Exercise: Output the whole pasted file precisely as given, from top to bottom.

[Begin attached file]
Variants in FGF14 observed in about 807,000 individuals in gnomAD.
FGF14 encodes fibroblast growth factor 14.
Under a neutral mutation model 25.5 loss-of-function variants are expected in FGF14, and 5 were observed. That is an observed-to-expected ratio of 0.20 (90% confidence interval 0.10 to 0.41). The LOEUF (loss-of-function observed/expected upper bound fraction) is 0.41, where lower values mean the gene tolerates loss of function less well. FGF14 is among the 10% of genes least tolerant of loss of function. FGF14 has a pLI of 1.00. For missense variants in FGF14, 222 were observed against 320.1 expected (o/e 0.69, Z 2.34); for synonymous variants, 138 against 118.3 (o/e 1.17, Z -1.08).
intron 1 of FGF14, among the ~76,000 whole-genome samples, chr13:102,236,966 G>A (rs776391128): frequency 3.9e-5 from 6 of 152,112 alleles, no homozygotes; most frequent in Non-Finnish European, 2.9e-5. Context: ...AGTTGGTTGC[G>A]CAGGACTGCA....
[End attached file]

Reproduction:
Variants in FGF14 observed in about 807,000 individuals in gnomAD.
FGF14 encodes fibroblast growth factor 14.
Under a neutral mutation model 25.5 loss-of-function variants are expected in FGF14, and 5 were observed. That is an observed-to-expected ratio of 0.20 (90% confidence interval 0.10 to 0.41). The LOEUF (loss-of-function observed/expected upper bound fraction) is 0.41, where lower values mean the gene tolerates loss of function less well. FGF14 is among the 10% of genes least tolerant of loss of function. FGF14 has a pLI of 1.00. For missense variants in FGF14, 222 were observed against 320.1 expected (o/e 0.69, Z 2.34); for synonymous variants, 138 against 118.3 (o/e 1.17, Z -1.08).
intron 1 of FGF14, among the ~76,000 whole-genome samples, chr13:102,236,966 G>A (rs776391128): frequency 3.9e-5 from 6 of 152,112 alleles, no homozygotes; most frequent in Non-Finnish European, 2.9e-5. Context: ...AGTTGGTTGC[G>A]CAGGACTGCA....